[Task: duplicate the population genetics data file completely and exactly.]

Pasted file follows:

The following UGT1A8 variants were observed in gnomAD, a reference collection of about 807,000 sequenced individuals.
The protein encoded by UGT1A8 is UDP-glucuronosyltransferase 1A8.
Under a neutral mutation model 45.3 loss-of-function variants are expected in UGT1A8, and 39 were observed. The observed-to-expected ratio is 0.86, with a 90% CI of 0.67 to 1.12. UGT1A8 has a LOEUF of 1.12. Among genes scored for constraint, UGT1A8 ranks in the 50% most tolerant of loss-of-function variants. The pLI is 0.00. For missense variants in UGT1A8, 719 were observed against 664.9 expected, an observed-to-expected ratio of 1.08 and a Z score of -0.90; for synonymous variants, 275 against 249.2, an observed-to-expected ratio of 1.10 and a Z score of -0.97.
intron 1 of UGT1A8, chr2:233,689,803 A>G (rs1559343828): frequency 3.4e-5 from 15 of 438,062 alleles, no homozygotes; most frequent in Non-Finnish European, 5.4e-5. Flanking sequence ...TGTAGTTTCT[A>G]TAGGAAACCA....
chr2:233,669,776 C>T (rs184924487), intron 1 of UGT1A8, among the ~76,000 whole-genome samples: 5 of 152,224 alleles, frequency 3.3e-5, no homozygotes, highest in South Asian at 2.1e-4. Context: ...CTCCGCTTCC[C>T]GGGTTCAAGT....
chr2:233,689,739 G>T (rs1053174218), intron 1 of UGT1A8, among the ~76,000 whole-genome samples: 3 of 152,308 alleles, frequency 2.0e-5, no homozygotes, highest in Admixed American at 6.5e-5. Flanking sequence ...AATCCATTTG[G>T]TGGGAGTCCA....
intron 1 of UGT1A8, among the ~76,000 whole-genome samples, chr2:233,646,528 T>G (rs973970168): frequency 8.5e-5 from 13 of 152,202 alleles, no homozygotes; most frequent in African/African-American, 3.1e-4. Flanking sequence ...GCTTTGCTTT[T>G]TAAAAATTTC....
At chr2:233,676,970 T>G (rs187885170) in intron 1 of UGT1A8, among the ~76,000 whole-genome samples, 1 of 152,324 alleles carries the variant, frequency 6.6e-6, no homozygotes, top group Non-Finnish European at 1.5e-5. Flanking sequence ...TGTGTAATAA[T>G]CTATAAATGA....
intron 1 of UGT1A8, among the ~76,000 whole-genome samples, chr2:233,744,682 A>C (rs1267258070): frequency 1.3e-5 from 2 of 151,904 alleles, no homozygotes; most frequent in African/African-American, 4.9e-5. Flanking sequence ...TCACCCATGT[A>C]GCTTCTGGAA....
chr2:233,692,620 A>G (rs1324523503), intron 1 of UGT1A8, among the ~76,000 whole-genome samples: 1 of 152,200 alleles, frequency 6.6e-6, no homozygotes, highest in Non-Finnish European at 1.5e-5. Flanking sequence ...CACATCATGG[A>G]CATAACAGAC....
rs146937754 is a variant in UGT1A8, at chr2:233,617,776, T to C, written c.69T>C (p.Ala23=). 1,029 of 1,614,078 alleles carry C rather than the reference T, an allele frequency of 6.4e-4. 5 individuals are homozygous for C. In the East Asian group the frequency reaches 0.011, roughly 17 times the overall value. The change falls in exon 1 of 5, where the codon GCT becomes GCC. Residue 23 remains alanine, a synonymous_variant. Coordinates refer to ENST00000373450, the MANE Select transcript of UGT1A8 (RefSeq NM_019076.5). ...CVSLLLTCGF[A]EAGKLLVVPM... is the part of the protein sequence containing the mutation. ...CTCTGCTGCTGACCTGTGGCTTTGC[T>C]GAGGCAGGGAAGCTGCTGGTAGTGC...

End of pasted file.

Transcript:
The following UGT1A8 variants were observed in gnomAD, a reference collection of about 807,000 sequenced individuals.
The protein encoded by UGT1A8 is UDP-glucuronosyltransferase 1A8.
Under a neutral mutation model 45.3 loss-of-function variants are expected in UGT1A8, and 39 were observed. The observed-to-expected ratio is 0.86, with a 90% CI of 0.67 to 1.12. UGT1A8 has a LOEUF of 1.12. Among genes scored for constraint, UGT1A8 ranks in the 50% most tolerant of loss-of-function variants. The pLI is 0.00. For missense variants in UGT1A8, 719 were observed against 664.9 expected, an observed-to-expected ratio of 1.08 and a Z score of -0.90; for synonymous variants, 275 against 249.2, an observed-to-expected ratio of 1.10 and a Z score of -0.97.
intron 1 of UGT1A8, chr2:233,689,803 A>G (rs1559343828): frequency 3.4e-5 from 15 of 438,062 alleles, no homozygotes; most frequent in Non-Finnish European, 5.4e-5. Flanking sequence ...TGTAGTTTCT[A>G]TAGGAAACCA....
chr2:233,669,776 C>T (rs184924487), intron 1 of UGT1A8, among the ~76,000 whole-genome samples: 5 of 152,224 alleles, frequency 3.3e-5, no homozygotes, highest in South Asian at 2.1e-4. Context: ...CTCCGCTTCC[C>T]GGGTTCAAGT....
chr2:233,689,739 G>T (rs1053174218), intron 1 of UGT1A8, among the ~76,000 whole-genome samples: 3 of 152,308 alleles, frequency 2.0e-5, no homozygotes, highest in Admixed American at 6.5e-5. Flanking sequence ...AATCCATTTG[G>T]TGGGAGTCCA....
intron 1 of UGT1A8, among the ~76,000 whole-genome samples, chr2:233,646,528 T>G (rs973970168): frequency 8.5e-5 from 13 of 152,202 alleles, no homozygotes; most frequent in African/African-American, 3.1e-4. Flanking sequence ...GCTTTGCTTT[T>G]TAAAAATTTC....
At chr2:233,676,970 T>G (rs187885170) in intron 1 of UGT1A8, among the ~76,000 whole-genome samples, 1 of 152,324 alleles carries the variant, frequency 6.6e-6, no homozygotes, top group Non-Finnish European at 1.5e-5. Flanking sequence ...TGTGTAATAA[T>G]CTATAAATGA....
intron 1 of UGT1A8, among the ~76,000 whole-genome samples, chr2:233,744,682 A>C (rs1267258070): frequency 1.3e-5 from 2 of 151,904 alleles, no homozygotes; most frequent in African/African-American, 4.9e-5. Flanking sequence ...TCACCCATGT[A>C]GCTTCTGGAA....
chr2:233,692,620 A>G (rs1324523503), intron 1 of UGT1A8, among the ~76,000 whole-genome samples: 1 of 152,200 alleles, frequency 6.6e-6, no homozygotes, highest in Non-Finnish European at 1.5e-5. Flanking sequence ...CACATCATGG[A>G]CATAACAGAC....
rs146937754 is a variant in UGT1A8, at chr2:233,617,776, T to C, written c.69T>C (p.Ala23=). 1,029 of 1,614,078 alleles carry C rather than the reference T, an allele frequency of 6.4e-4. 5 individuals are homozygous for C. In the East Asian group the frequency reaches 0.011, roughly 17 times the overall value. The change falls in exon 1 of 5, where the codon GCT becomes GCC. Residue 23 remains alanine, a synonymous_variant. Coordinates refer to ENST00000373450, the MANE Select transcript of UGT1A8 (RefSeq NM_019076.5). ...CVSLLLTCGF[A]EAGKLLVVPM... is the part of the protein sequence containing the mutation. ...CTCTGCTGCTGACCTGTGGCTTTGC[T>C]GAGGCAGGGAAGCTGCTGGTAGTGC...